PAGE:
Proposal: === and !=== operators

Alex Burke alexjeffburke at
Thu Jul 10 18:33:34 CEST 2014

On 9 July 2014 09:00, Steven D'Aprano <steve at> wrote:
> At the moment, Python has two (in)equality operators, == and != which
> call __eq__ and __ne__ methods. Some problems with those:
> * Many people expect == to always be reflexive (that is, x == x for
>   every x) but classes which customise __eq__ may not be.
> * The == operator requires __eq__ to return True or False
>   (or NotImplemented) and raises TypeError if it doesn't, which
>   makes it impossible to use == with (say) three-valued or fuzzy
>   logic.
> I propose:
> * The == operator be redefined to *always* assume reflexivity, that
>   is, it first compares the two arguments using `is` before calling
>   the __eq__ methods.
> * That's a backwards-incompatible change, so you need to enable it
>   using "from __future__ import equals" in Python 3.5, and then to
>   become the default behaviour in 3.6.

(course I forgot to reply-all first first time I sent this)


Aside from really reaching for Python for all my own projects (mostly
due to enjoying the language and it's design) the day job is mostly writing
server side code for Javascript on node.js. With that perspective I really
think those extra operators will cause confusion - granted the distinction
between == and === is for different reasons there but it's just complexity
to need to explain why there are different modes of comparison. With ==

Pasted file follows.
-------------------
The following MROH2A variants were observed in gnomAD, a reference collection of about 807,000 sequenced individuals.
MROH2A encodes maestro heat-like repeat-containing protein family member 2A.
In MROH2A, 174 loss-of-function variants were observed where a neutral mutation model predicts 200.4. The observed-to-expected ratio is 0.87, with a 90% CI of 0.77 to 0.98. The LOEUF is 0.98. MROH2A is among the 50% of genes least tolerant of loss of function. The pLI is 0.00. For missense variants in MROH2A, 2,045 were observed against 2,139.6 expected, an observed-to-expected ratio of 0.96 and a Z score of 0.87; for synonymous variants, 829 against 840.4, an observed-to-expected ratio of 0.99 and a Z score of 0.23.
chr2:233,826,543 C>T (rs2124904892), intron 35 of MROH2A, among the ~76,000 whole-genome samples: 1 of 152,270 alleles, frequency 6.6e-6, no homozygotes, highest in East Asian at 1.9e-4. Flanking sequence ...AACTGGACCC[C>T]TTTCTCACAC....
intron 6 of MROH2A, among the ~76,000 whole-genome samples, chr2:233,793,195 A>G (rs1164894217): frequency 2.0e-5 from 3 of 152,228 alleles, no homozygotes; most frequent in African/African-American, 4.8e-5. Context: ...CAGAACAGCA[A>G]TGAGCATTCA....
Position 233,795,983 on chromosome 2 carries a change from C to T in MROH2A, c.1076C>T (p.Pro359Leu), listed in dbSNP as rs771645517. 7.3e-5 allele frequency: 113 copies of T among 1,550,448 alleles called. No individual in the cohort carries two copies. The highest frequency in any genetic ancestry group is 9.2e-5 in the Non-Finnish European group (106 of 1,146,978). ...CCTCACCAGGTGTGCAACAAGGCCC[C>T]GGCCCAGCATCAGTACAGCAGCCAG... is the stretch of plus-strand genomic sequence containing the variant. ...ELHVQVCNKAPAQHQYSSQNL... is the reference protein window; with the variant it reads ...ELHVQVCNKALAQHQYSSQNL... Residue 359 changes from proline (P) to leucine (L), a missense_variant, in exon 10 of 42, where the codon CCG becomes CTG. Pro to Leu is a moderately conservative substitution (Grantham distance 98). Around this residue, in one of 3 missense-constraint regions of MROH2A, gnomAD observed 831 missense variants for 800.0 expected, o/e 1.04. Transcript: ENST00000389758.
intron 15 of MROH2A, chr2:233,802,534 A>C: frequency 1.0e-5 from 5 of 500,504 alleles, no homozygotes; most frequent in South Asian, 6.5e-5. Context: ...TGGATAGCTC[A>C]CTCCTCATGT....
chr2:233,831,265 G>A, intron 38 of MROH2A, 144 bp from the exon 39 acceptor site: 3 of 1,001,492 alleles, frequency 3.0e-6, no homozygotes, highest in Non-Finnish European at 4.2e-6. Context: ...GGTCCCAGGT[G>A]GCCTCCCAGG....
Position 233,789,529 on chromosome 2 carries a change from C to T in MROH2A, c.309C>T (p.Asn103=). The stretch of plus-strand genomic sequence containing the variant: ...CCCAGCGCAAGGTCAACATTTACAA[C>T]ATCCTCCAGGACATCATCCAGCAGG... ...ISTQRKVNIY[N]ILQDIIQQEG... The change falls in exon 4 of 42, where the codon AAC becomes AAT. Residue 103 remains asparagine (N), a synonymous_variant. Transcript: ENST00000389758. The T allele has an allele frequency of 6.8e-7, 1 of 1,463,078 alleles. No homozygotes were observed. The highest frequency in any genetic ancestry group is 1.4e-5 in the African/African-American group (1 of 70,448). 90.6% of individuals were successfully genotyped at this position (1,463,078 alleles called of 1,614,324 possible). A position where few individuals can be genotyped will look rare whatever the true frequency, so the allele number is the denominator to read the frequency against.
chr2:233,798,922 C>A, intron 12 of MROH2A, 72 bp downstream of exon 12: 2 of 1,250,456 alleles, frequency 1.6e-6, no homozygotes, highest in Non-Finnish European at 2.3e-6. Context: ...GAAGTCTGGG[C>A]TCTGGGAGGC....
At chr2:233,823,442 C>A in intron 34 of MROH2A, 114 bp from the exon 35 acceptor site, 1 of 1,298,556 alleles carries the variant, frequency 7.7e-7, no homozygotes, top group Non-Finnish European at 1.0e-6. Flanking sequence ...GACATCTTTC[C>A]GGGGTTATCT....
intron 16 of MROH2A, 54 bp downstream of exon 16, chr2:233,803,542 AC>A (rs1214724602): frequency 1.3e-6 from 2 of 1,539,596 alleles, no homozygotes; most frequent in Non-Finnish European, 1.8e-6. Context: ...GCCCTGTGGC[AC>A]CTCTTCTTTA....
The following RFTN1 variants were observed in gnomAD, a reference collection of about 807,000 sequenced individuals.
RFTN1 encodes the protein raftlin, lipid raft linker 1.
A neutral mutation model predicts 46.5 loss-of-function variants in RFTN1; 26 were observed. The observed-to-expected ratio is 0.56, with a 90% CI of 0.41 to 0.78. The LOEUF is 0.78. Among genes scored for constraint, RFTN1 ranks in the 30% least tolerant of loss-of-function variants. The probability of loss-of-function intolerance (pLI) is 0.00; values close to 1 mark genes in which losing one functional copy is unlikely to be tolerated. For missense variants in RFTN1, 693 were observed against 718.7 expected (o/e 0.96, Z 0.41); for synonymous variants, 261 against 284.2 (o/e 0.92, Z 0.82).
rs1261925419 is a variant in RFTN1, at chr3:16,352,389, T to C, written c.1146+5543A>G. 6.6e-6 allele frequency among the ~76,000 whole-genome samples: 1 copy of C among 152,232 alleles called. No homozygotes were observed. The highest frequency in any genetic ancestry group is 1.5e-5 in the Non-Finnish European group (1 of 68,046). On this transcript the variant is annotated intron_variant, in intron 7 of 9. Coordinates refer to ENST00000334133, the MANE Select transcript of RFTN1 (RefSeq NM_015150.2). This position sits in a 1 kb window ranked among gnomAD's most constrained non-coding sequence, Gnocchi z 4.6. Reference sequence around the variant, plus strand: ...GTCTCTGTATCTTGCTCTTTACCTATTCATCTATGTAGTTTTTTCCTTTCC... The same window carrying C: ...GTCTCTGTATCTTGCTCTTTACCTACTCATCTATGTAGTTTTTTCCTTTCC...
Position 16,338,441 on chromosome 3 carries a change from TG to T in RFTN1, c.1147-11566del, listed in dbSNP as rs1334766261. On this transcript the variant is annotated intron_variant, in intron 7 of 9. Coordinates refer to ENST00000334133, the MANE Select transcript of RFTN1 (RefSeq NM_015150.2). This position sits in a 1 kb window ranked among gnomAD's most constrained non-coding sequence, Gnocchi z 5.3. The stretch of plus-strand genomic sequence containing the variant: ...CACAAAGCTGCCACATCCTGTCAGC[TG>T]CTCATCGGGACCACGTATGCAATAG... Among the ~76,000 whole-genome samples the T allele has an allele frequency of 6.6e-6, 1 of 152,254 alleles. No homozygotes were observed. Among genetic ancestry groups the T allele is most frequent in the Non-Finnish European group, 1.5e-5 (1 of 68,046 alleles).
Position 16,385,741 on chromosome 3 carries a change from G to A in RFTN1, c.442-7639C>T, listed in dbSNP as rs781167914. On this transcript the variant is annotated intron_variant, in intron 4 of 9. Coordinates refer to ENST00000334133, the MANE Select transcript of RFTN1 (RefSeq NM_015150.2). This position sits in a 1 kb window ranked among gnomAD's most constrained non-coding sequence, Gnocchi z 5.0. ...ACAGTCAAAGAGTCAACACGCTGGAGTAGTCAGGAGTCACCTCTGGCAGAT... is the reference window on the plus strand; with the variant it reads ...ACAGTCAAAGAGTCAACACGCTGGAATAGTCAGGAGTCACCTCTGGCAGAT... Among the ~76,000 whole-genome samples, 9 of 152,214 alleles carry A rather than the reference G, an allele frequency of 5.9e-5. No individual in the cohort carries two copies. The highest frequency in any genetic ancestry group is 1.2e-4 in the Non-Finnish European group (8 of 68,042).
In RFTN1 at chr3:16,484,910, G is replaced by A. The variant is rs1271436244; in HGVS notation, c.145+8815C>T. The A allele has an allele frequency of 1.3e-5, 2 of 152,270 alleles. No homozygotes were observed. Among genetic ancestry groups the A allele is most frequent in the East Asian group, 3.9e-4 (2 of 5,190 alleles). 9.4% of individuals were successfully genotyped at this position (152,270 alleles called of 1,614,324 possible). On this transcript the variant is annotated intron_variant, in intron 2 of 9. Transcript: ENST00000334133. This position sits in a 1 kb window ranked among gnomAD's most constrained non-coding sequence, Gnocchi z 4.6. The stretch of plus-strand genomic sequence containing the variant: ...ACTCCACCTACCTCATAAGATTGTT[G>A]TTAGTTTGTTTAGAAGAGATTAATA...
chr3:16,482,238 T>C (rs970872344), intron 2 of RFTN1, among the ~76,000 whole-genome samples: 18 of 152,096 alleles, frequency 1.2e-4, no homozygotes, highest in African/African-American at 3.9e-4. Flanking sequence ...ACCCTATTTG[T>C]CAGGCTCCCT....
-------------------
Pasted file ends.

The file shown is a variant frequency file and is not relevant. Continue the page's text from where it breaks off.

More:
and is I think when to use which is much more clear cut.

That being said though the point you raised that:
    different objects can implement __eq__ such that it may or may not be
    reflexive in different cases
could do with an answer. It's the implicitness and differing behaviour that
get me, and it seems to be one of the roots of the disagreement. When
should NaN compare equal, when not etc.

So, (this is likely a terrible idea) what if == was made always always reflexive
and a from __future__ to have any NaN being compared raise a new
NonReflexiveComparison exception? Advantages:
* no equality special cases to explain
* make potentially meaningless comparisons immediately clear
* if you really want to compare NaNs you can catch the case and
  return math.isnan(left) and math.isnan(right)

The obvious issue is possibility of exceptions from arbitrary == comparisons.

PS hoping these comments comments might prove useful :-)

Thanks, Alex J Burke.

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